Trump's Taiwan policy adds uncertainties to cross-Strait relations

Donald Trump is trying to strengthen communication with Taiwan at the official and civilian levels, a policy that could complicate the relations between the Chinese mainland and the self-ruled island, an American expert said recently.

Bonnie Glaser, a senior adviser for Asia and director of the China Power Project at the Center for Strategic and International Studies, made the remarks at a recent seminar on the cross-Strait relations under the Trump presidency.

Taiwan is keen to deepen cooperation with the United States, which involves various areas including healthcare, trade and education, said Glaser.

The cooperation between the United States and Taiwan appears to have been strengthened by the Taiwan Travel Act that Trump signed in March to encourage US officials to travel to Taiwan to meet their counterparts and vice versa, said Glaser, describing the signing of the Act as a signal of a new direction in the US-Taiwan relationship.

Prior to the Taiwan Travel Act, American and Taiwanese officials already travelled back and forth, but the exchange visits were usually low profile in order not to offend China. China has reprimanded Trump's endorsement of the Taiwan Travel Act, stressing that it severely violates the one-China principle, which it sees as the political foundation of the China-US relationship.

The signing of the Taiwan Travel Act reflects US concerns over the Chinese government's policy toward Taiwan, which Beijing considers a breakaway province, said Glaser. Beijing has repeatedly said that it will not rule out use of force to reunify with Taiwan.

In spite of the broad cooperation between the United States and Taiwan in various areas especially in military and arms sales, Glaser thinks that the Trump administration would not throw caution to the wind when making its Taiwan policy, but she fears that Trump himself would do something that could lead to tensions over the cross-Strait relations.

Recently, some domestic media reports hyped up "emancipating Taiwan by force", which stirred up tensions in the Chinese mainland-Taiwan relations. And recent remarks by Chinese Ambassador to the United States Cui Tiankai triggered speculation about a change in China's policy toward Taiwan.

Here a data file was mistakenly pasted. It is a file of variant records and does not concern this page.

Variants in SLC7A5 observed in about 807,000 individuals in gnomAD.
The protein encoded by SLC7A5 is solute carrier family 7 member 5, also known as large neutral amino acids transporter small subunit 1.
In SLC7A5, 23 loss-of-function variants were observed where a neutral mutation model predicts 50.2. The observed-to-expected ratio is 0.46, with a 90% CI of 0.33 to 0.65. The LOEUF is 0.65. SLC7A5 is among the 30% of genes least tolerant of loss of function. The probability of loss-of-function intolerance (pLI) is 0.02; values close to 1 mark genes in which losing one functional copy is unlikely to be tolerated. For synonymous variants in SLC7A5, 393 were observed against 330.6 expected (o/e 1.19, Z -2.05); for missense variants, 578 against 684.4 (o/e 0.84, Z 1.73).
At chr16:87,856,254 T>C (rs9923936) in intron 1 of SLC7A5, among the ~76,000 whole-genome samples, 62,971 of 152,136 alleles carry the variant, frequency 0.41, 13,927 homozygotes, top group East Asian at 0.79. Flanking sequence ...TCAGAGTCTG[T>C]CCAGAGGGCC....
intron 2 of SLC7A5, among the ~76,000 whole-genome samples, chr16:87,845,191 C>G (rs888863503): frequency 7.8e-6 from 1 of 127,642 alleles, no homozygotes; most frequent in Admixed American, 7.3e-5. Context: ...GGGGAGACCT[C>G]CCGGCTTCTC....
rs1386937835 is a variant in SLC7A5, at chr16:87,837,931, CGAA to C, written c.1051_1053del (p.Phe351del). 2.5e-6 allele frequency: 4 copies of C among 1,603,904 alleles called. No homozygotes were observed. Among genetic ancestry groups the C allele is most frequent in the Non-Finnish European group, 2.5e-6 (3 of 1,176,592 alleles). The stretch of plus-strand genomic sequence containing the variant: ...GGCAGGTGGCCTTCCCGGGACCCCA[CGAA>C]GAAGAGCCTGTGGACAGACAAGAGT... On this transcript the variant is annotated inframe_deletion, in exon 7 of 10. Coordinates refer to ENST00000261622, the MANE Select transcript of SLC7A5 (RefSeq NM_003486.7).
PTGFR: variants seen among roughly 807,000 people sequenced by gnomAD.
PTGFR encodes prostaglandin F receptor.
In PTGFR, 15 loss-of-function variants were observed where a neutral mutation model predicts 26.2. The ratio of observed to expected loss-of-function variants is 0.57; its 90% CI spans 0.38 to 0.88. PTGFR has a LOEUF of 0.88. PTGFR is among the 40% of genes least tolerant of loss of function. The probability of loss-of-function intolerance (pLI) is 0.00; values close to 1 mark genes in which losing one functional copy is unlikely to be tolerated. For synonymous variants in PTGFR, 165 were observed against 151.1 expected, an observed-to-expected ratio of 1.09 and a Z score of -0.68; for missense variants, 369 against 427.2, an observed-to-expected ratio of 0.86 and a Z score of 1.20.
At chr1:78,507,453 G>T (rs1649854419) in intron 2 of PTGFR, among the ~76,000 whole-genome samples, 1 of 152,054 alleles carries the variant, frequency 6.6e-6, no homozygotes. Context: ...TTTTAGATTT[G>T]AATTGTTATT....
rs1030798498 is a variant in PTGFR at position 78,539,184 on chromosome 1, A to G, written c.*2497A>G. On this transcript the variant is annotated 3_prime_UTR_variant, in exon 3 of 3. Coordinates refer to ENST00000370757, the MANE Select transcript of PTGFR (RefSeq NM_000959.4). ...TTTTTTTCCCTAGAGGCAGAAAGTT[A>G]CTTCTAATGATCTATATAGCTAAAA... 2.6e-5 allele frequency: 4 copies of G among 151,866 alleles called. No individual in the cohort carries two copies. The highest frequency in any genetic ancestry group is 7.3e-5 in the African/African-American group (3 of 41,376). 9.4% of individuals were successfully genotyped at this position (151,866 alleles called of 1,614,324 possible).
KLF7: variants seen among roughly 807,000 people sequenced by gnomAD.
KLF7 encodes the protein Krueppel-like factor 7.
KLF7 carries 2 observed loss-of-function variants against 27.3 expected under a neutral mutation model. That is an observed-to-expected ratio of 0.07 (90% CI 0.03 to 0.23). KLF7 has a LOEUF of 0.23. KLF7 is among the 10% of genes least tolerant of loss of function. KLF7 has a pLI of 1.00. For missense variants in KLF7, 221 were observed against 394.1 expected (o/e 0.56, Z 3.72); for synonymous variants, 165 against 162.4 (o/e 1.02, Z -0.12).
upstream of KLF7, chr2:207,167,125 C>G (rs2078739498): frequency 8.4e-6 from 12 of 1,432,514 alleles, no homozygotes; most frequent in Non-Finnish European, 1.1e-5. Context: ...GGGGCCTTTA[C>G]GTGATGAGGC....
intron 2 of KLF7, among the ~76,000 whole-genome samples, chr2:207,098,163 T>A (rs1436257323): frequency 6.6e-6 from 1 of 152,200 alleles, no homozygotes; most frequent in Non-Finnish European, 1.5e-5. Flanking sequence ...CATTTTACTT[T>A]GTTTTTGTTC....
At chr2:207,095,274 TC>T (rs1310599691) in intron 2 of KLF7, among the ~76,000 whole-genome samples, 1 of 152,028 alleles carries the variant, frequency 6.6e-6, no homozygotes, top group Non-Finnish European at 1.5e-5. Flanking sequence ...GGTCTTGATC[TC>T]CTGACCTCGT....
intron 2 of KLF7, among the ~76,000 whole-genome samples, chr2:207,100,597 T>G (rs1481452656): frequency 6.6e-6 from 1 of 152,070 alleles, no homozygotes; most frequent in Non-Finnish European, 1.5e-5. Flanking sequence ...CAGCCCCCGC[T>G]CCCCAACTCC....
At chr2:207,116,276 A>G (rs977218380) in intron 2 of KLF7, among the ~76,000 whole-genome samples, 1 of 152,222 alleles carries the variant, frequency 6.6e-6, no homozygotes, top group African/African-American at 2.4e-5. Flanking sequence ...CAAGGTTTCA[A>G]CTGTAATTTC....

Earlier this month, during an interview with the China Global Television Network, Cui said, "No one can stop China's reunification with [Taiwan]. We are in pursuit of peaceful reunification. But if it does not work, we will adopt another way." When being asked whether the violation of the one-China principle would lead to a war, Cui responded, "Let us see what will happen."

Although Cui did not clearly explain what "another way" was, it was widely interpreted as Beijing's inclination to resort to military force. The Chinese ambassador also expressed in the interview Beijing's firm opposition to the Taiwan Travel Act and the Taiwan Relations Act signed in 1979.

With North Korea's top leader Kim Jong-un expressing the willingness to hold direct talks with Trump for denuclearization, which would ease tensions in the Korean Peninsula, Beijing is likely to put more emphasis on the Taiwan problem, Glaser predicted. But the expert said that reunification with Taiwan would not be a top priority on Beijing's political agenda in the short term, as the Chinese government is making a new Taiwan policy, which would affect the public views of the self-ruled island and would be beneficial to a reunification in a peaceful way.

When answering questions from about whether Trump will continue his predecessors' Taiwan policy, Glaser said that the US government would not oppose China's reunification with Taiwan and instead would encourage the two sides to have dialogues and exchanges in order to maintain the regional stability. But she is concerned about Trump's unpredictable personality and workstyle, which would add uncertainties to the cross-Strait relations and the US-China relations.

On Tuesday, an article published on spoke sarcastically about Trump's perplexing workstyle, revealing that when the president threatened China with an additional $100 billion tariffs, there had hardly been any White House discussion.

"There was not one single deliberative meeting in which senior officials sat down to debate the pros and cons of this historic threat. Trump did not even ask for advice from his new top economic adviser, Larry Kudlow, instead presenting the tariffs as a fait accompli. Chief of Staff John Kelly knew Trump wanted more tariffs but was blindsided by the speed of the announcement. And Legislative Affairs Director Marc Short – the White House's liaison to the Capitol Hill – was totally in the dark," said the article.

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